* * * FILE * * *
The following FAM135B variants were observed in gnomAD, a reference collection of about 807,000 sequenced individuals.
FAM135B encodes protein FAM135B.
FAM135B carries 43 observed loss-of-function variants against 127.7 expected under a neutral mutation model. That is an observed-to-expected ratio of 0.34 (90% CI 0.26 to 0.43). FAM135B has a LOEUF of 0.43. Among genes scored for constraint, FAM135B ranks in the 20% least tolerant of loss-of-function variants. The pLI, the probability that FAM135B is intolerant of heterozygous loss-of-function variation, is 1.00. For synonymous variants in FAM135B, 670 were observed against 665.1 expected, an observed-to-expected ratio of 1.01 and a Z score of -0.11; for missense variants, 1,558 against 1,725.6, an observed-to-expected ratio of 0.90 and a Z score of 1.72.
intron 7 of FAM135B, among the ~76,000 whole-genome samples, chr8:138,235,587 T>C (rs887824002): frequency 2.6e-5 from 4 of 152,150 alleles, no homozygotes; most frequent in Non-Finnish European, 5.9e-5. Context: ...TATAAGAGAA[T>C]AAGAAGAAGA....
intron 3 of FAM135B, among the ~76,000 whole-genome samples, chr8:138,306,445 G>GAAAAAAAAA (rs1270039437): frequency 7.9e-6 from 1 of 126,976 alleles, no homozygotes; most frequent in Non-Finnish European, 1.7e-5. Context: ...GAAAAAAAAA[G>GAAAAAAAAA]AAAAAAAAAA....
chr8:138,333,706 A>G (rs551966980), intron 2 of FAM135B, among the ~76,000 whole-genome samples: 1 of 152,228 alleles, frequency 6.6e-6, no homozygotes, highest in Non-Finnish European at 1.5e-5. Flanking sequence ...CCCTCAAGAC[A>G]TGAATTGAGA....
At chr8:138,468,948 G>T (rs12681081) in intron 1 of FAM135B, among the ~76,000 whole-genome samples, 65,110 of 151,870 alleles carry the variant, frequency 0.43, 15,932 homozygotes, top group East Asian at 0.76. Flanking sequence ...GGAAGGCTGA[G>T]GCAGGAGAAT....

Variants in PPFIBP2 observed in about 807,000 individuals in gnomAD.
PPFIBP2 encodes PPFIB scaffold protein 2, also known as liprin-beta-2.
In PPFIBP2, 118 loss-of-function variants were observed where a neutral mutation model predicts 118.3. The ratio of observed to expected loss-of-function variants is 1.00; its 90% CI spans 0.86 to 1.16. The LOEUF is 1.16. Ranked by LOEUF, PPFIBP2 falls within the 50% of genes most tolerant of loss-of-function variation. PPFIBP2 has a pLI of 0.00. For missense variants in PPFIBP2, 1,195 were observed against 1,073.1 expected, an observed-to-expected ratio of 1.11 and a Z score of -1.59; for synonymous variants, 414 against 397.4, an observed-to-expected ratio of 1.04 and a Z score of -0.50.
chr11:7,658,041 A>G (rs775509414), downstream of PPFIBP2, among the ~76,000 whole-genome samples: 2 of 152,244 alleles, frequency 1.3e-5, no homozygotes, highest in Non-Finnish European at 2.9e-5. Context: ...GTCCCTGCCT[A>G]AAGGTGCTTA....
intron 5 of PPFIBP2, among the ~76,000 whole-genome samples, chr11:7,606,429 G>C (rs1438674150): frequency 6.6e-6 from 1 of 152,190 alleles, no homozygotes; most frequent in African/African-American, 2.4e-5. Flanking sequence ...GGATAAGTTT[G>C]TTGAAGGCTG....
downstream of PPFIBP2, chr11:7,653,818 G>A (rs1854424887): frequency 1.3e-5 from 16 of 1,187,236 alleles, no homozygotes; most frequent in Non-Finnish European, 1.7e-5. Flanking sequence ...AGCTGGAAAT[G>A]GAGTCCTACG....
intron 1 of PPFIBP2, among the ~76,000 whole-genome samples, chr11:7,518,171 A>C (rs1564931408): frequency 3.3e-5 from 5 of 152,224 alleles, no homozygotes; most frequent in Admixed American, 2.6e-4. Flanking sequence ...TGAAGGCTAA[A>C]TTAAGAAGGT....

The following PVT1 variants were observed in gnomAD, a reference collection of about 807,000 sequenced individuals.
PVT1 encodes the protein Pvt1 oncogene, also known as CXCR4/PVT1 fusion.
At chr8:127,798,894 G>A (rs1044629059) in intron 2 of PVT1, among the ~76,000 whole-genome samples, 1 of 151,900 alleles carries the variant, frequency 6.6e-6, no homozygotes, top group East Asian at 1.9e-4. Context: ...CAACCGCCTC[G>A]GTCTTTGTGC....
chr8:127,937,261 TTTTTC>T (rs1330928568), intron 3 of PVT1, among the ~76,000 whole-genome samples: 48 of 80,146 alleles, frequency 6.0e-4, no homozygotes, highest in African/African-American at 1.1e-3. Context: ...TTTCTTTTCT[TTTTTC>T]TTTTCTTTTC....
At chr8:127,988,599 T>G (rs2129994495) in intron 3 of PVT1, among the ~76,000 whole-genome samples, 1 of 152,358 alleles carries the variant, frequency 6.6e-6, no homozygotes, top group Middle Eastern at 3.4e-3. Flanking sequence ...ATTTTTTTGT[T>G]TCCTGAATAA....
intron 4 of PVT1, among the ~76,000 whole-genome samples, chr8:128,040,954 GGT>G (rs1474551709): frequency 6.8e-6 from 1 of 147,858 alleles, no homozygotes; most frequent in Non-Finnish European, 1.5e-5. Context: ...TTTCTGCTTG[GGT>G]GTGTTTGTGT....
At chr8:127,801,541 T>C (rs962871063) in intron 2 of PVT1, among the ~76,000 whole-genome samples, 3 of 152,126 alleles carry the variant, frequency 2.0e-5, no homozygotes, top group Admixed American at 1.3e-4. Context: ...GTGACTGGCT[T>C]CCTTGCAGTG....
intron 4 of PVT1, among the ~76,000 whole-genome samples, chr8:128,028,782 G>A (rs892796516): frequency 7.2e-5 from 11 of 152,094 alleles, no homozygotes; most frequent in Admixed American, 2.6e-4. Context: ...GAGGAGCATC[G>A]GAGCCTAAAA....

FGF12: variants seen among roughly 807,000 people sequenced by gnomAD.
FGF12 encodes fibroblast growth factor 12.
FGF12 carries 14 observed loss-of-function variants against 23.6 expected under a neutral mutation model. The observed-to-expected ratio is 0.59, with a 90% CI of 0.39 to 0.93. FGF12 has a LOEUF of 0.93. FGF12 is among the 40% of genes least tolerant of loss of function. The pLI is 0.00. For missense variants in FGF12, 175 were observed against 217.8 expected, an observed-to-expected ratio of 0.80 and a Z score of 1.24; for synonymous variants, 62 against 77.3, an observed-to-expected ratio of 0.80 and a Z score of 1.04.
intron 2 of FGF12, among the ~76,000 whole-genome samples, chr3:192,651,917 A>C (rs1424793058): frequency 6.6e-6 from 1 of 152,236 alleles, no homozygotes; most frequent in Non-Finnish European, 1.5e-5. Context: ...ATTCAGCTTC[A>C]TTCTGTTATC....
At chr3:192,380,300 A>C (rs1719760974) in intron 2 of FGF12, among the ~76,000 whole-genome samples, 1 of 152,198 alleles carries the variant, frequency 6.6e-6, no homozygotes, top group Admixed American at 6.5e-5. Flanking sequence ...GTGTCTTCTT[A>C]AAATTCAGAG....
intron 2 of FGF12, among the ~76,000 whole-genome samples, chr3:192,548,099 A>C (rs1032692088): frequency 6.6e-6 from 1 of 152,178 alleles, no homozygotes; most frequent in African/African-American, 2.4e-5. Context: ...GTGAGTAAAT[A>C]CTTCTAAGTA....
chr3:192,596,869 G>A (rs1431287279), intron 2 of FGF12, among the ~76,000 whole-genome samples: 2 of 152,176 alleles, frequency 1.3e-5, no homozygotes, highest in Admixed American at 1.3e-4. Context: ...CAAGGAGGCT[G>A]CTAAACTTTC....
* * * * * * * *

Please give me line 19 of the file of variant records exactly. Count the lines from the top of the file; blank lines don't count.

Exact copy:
At chr8:127,988,599 T>G (rs2129994495) in intron 3 of PVT1, among the ~76,000 whole-genome samples, 1 of 152,358 alleles carries the variant, frequency 6.6e-6, no homozygotes, top group Middle Eastern at 3.4e-3. Flanking sequence ...ATTTTTTTGT[T>G]TCCTGAATAA....